The graduating class of 2007 made up three teams presenting interesting cases at the Wisconsin Society of Cytology Meeting in May 2007.  Lindsey Barton, Tammy Dahms and Sara Olson presented a discussion on the "Benefits and Limitations of the Human Papillomavirus Vaccine."  Students Amanda Hackman, Cheryl Kieffer and Lisa Moore, demonstrated and led a discussion concerning "Aperio Virtual Microscopy."  And the third team, consisting of Travis Cooper, Gail Thomas and Eleanor Treffinger, chose for their topic, "ASC-H."

The 2007-2008 class of four students consists of Gaydly Beaubrun, Jamie Larson, Paul Nichols, and Chanthou Vong.  Their presentation to the 2008 Wisconsin Society of Cytology meeting is entitled, "HPV Testing for Women Over 30."

In keeping up with the ever-evolving world of cytotechnology, the school continues to expand the classroom into a virtual one.  For several years we have allowed our current students access to audio and PowerPoint lectures on-line for review.  This year we will be allowing other students and professionals to meet continuing education requirements.  In addition, we are working hard this year to bring together cytogenetic and molecular professionals to expand our current coursework into an on-line format that will allow students and professionals the additional theory and clinical methods of molecular pathology.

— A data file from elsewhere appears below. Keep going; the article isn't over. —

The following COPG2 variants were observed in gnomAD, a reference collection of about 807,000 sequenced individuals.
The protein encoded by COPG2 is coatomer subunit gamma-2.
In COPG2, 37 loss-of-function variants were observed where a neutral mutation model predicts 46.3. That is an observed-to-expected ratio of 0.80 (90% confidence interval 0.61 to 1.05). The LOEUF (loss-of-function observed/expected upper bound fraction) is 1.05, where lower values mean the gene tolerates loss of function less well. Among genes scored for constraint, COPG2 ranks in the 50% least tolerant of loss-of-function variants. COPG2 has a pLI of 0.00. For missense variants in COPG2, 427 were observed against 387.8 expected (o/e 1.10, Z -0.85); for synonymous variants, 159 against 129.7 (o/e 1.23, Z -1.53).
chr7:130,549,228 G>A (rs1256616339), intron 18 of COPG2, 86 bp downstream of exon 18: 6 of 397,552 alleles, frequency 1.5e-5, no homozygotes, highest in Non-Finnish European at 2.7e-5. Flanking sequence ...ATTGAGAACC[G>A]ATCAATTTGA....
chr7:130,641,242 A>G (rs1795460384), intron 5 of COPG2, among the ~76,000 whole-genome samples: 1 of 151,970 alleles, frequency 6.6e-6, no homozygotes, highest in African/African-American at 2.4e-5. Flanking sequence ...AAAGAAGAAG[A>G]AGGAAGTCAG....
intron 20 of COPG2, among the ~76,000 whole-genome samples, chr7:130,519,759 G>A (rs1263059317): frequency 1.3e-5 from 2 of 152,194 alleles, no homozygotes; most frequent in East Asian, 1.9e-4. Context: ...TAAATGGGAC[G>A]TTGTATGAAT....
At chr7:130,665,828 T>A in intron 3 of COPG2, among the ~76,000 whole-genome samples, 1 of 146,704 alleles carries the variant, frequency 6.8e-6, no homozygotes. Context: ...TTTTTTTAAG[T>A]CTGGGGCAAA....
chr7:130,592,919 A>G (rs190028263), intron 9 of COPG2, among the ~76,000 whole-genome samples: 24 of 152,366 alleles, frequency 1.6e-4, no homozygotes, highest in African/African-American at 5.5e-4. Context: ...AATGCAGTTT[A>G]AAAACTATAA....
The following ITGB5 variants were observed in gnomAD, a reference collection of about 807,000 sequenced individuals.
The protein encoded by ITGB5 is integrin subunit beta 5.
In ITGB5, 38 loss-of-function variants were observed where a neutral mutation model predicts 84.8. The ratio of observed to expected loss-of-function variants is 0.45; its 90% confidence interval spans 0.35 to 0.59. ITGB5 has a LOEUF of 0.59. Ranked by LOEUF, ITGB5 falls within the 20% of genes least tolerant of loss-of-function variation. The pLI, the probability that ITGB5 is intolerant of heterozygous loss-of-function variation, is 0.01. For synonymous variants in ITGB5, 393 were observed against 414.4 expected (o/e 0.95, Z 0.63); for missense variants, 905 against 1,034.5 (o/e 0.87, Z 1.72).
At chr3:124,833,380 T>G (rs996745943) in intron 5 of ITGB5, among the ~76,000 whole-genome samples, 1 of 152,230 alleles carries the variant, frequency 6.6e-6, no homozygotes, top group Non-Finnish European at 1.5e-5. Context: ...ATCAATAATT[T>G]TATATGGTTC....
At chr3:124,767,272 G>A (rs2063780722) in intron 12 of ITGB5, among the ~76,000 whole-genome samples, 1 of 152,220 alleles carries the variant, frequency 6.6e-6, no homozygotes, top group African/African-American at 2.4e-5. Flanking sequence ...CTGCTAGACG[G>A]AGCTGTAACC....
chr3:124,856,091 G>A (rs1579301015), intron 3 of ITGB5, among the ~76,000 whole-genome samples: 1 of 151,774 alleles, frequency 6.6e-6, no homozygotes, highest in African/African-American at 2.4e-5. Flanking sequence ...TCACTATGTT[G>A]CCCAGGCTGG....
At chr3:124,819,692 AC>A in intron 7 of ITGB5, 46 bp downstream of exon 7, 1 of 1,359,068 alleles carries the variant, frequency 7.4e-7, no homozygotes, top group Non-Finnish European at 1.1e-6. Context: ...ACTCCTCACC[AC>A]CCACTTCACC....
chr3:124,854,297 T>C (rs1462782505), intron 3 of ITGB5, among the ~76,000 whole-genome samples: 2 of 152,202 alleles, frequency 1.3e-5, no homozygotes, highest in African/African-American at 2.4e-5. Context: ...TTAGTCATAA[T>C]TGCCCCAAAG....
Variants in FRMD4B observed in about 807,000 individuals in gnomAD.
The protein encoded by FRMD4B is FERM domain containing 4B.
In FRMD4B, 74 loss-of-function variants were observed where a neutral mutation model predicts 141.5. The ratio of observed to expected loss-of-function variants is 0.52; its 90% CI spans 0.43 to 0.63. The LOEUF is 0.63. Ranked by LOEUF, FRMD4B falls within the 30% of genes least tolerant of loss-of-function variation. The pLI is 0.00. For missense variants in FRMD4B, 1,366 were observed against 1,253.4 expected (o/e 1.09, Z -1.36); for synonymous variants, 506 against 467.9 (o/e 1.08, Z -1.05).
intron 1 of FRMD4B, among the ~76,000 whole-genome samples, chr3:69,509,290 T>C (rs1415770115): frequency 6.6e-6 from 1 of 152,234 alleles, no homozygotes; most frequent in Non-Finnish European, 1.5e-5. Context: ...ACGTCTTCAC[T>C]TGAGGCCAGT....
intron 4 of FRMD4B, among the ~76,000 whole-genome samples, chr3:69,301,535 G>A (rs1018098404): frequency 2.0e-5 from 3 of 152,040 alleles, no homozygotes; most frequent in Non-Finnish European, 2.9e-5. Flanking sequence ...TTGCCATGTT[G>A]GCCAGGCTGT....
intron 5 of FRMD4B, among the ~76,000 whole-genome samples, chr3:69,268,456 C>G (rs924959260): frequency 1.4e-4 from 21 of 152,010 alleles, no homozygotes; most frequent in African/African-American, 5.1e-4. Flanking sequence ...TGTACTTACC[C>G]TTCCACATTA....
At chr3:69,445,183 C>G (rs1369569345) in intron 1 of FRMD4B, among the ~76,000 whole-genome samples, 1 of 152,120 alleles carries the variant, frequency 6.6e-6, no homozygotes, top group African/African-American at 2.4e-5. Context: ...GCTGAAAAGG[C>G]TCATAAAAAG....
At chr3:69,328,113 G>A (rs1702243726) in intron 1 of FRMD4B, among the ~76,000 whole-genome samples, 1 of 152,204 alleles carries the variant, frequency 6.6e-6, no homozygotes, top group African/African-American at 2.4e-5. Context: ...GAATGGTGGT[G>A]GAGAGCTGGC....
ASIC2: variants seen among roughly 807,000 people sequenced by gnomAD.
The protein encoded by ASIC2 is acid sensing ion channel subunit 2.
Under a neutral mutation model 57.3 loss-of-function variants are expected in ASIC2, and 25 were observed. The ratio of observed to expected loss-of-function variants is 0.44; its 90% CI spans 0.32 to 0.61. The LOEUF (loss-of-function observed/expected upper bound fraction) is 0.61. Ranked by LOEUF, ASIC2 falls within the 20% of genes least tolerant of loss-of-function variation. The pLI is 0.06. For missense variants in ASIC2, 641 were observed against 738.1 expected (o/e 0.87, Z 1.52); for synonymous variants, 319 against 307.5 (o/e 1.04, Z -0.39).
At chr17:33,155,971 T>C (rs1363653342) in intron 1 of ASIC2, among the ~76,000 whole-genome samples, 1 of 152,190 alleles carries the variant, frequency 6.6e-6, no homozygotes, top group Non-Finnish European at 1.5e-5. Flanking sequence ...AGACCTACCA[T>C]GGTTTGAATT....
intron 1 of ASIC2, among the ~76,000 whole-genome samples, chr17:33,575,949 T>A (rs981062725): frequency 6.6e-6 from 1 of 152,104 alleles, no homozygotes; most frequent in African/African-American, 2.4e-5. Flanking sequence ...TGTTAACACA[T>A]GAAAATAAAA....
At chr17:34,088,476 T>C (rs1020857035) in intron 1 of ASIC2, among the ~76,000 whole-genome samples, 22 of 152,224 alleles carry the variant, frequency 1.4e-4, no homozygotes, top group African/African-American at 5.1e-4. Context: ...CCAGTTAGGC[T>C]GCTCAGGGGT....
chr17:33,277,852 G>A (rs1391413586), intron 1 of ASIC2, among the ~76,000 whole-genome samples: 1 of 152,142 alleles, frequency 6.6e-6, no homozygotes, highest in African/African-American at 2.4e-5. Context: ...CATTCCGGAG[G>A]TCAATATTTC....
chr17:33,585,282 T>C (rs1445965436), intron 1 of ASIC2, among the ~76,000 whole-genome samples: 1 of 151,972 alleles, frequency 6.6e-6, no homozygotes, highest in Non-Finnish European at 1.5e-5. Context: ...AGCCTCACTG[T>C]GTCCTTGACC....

Marshfield Clinic/St. Joseph Hospital Cytotechnology Program, Marshfield, Wisconsin.
 Don Schnitzler reports that three students graduated from the Marshfield cytotechnology program during July 2007.  They are Angelean Etzel, Heidi Erickson and Sarah Rankl.  They were one of the teams of students who presented an interesting case at the Wisconsin Society of Cytology Spring Meeting, May 5, 2007.  The title of their case presentation, was "Enteropathy T Cell Lymphoma."  They also submitted this presentation to the ASCT as one of the computer entries at San Antonio, Texas.  Each of the students found employment as cytotechnologists following graduation.  Heidi is working at IDX Pathology, Boise, Idaho.  Angie accepted a position with University of Wisconsin Hospital and Clinic, Madison.  Wisconsin. And Sarah is working at Columbia St. Mary's in Milwaukee, Wisconsin.

The current class of two students consists of Megan Duchaine, UW-Green Bay, Green Bay, Wisconsin and Araylla Jensen, Luther College, Decorah, Iowa.  Megan and Araylla will also present an interesting case at the 2008 WSC meeting during April.  The title of their case is "An Extraskeletal Ewing's Sarcoma, a Primitive Neuroectodermal Tumor (PNET)."

University of Wisconsin-Milwaukee, ACL Cytology School, West Allis, Wisconsin.